In after-hours trading, Netflix (NFLX, 354.99, up 21.49 or 6.44 percent) surged from its closing values. The surge occurred after the company reported earnings of $0.52 per share and $1.11 billion against expectations of $0.47-0.48/share on revenue of $1.1 billion, according to Bloomberg. The company had previously projected total U.S. subscribers at 30.5-31.3 million, and the company reported domestic subscribers at 31.09 million. At last viewing as this report was prepared, the stock was up $34.80 or 9.80 percent from the day's close.
McDonald's (MCD, 94.59, down 0.61 or 0.64 percent) reported $1.52 a share on revenue of $7.32 billion. Analysts anticipated $1.51 a share on revenue of $7.33 billion. The company's CEO cautioned that this quarter's challenging operating environment would likely continue into the next quarter, with same-store sales staying in line with recent trends.
Abercrombie & Fitch (ANF, 33.99, down 0.84 or 2.41 percent) drifted lower after a downgrade. The company has scheduled earnings for November 21, according to one earnings calendar.
Texas Instruments (TXN, 40.99, up 0.28 or 0.69 percent) reported a profit of $0.56 per share on revenue of $3.24 billion. Although both beat expectations of $0.53 per share on revenue of $3.23 billion, both were well below year-ago levels. The company guided expectations lower for the current quarter, however, and dropped in after-hours trading. As this report was prepared, the price was last at 39.52, down 1.47 or 3.59 percent from the day's close.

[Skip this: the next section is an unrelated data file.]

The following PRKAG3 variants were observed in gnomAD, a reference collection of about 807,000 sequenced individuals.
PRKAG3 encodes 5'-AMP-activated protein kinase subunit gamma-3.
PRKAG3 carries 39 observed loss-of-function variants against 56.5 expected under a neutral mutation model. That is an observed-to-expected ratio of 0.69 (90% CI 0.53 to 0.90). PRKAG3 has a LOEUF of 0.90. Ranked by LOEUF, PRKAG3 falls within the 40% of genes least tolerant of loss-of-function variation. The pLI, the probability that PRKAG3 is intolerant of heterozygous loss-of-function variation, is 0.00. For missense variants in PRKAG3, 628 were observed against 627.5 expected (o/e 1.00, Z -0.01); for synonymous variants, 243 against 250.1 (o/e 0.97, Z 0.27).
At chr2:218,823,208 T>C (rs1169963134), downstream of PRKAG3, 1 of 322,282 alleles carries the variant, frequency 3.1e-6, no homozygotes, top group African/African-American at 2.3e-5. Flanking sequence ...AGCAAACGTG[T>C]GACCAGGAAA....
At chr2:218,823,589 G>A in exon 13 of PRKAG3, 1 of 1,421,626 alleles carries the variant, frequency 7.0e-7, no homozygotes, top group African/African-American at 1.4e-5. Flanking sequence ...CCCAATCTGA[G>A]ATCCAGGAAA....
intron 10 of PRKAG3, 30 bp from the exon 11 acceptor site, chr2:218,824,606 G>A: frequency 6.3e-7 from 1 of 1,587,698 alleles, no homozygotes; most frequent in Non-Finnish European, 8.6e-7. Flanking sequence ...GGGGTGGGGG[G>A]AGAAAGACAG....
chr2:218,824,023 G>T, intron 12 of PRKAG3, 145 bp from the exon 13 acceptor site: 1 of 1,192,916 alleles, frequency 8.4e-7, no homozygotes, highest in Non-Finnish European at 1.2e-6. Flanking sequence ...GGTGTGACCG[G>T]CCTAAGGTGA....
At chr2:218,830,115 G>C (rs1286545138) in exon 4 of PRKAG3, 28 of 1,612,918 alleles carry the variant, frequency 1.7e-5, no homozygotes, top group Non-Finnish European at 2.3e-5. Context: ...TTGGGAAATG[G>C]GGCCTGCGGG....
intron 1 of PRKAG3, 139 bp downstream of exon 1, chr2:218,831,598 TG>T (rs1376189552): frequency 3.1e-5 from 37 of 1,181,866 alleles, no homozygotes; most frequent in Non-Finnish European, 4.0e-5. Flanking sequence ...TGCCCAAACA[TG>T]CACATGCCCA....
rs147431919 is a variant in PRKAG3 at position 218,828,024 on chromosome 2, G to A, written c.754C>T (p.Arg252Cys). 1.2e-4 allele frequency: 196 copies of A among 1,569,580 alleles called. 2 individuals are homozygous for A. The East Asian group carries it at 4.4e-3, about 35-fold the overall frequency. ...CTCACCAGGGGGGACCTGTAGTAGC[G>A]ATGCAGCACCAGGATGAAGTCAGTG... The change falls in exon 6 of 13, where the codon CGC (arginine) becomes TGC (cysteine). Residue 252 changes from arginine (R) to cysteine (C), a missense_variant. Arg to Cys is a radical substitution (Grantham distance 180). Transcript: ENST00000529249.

Virtualization infrastructures company VMware (VMW, 82.65, up 1.22 or 1.50 percent) jumped in after-hours trading after reporting earnings. The price was last at 87.64, up 4.99 or 6.04 percent from the day's close as this report was prepared. Investors cheered an increase in licensing revenue and a beat on earnings. Earnings were $0.84/share on revenue of $1.29 billion, with expectations at $0.82/share on revenue of $1.29 billion.
It's time to look at daily charts and see what they can show us. Last week, indices moved all the way from the bottom of rising regression channels to the tops of those channels, all the way from support to or toward likely resistance. With the exception of a few instances such as the Dow Jones Transports, today's candlesticks on the daily charts did not impress.
Those new to my Monday Wraps might find the following paragraphs useful when interpreting my charts. Those who have read the Wraps can skip straight to the charts. I set up nested Keltner channels on my charts. It's a run-of-the-mill channeling system like the more familiar Bollinger Bands. As with those more familiar BB's, channel boundaries are often targets for upside or downside moves. They also mark levels where prices might find support or resistance on closes. When several channel lines converge, that potential resistance or support might appear stronger, just as it would if 20-, 50- and 100-sma's all converge in one spot.